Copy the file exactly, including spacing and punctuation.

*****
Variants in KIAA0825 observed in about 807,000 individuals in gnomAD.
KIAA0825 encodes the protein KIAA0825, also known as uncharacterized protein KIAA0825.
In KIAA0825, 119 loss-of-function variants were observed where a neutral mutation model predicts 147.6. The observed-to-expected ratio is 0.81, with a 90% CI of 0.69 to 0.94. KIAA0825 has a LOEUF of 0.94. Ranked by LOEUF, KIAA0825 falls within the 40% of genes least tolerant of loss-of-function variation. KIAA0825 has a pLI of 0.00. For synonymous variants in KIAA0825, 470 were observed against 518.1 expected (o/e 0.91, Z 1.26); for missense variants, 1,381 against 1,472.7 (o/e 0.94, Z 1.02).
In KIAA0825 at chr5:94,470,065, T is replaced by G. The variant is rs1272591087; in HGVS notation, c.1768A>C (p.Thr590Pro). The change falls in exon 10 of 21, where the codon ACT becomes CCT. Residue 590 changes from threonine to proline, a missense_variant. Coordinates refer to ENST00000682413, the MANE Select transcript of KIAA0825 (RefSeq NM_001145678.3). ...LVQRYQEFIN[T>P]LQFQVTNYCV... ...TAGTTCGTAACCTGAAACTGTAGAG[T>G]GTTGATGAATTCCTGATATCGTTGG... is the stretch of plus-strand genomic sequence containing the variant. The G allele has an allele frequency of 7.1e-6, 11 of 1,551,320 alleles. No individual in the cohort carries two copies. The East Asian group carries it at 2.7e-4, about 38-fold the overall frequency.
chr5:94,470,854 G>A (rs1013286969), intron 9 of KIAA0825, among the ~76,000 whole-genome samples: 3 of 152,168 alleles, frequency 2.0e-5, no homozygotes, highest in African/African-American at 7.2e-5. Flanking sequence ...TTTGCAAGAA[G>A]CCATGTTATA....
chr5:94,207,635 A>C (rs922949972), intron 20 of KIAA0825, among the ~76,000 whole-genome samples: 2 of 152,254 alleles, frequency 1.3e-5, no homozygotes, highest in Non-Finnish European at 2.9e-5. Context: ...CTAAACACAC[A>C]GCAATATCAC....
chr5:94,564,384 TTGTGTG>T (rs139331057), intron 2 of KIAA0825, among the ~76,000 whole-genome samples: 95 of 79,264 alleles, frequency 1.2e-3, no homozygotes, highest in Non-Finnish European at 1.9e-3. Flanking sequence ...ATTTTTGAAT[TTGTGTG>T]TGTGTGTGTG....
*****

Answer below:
Variants in KIAA0825 observed in about 807,000 individuals in gnomAD.
KIAA0825 encodes the protein KIAA0825, also known as uncharacterized protein KIAA0825.
In KIAA0825, 119 loss-of-function variants were observed where a neutral mutation model predicts 147.6. The observed-to-expected ratio is 0.81, with a 90% CI of 0.69 to 0.94. KIAA0825 has a LOEUF of 0.94. Ranked by LOEUF, KIAA0825 falls within the 40% of genes least tolerant of loss-of-function variation. KIAA0825 has a pLI of 0.00. For synonymous variants in KIAA0825, 470 were observed against 518.1 expected (o/e 0.91, Z 1.26); for missense variants, 1,381 against 1,472.7 (o/e 0.94, Z 1.02).
In KIAA0825 at chr5:94,470,065, T is replaced by G. The variant is rs1272591087; in HGVS notation, c.1768A>C (p.Thr590Pro). The change falls in exon 10 of 21, where the codon ACT becomes CCT. Residue 590 changes from threonine to proline, a missense_variant. Coordinates refer to ENST00000682413, the MANE Select transcript of KIAA0825 (RefSeq NM_001145678.3). ...LVQRYQEFIN[T>P]LQFQVTNYCV... ...TAGTTCGTAACCTGAAACTGTAGAG[T>G]GTTGATGAATTCCTGATATCGTTGG... is the stretch of plus-strand genomic sequence containing the variant. The G allele has an allele frequency of 7.1e-6, 11 of 1,551,320 alleles. No individual in the cohort carries two copies. The East Asian group carries it at 2.7e-4, about 38-fold the overall frequency.
chr5:94,470,854 G>A (rs1013286969), intron 9 of KIAA0825, among the ~76,000 whole-genome samples: 3 of 152,168 alleles, frequency 2.0e-5, no homozygotes, highest in African/African-American at 7.2e-5. Flanking sequence ...TTTGCAAGAA[G>A]CCATGTTATA....
chr5:94,207,635 A>C (rs922949972), intron 20 of KIAA0825, among the ~76,000 whole-genome samples: 2 of 152,254 alleles, frequency 1.3e-5, no homozygotes, highest in Non-Finnish European at 2.9e-5. Context: ...CTAAACACAC[A>C]GCAATATCAC....
chr5:94,564,384 TTGTGTG>T (rs139331057), intron 2 of KIAA0825, among the ~76,000 whole-genome samples: 95 of 79,264 alleles, frequency 1.2e-3, no homozygotes, highest in Non-Finnish European at 1.9e-3. Flanking sequence ...ATTTTTGAAT[TTGTGTG>T]TGTGTGTGTG....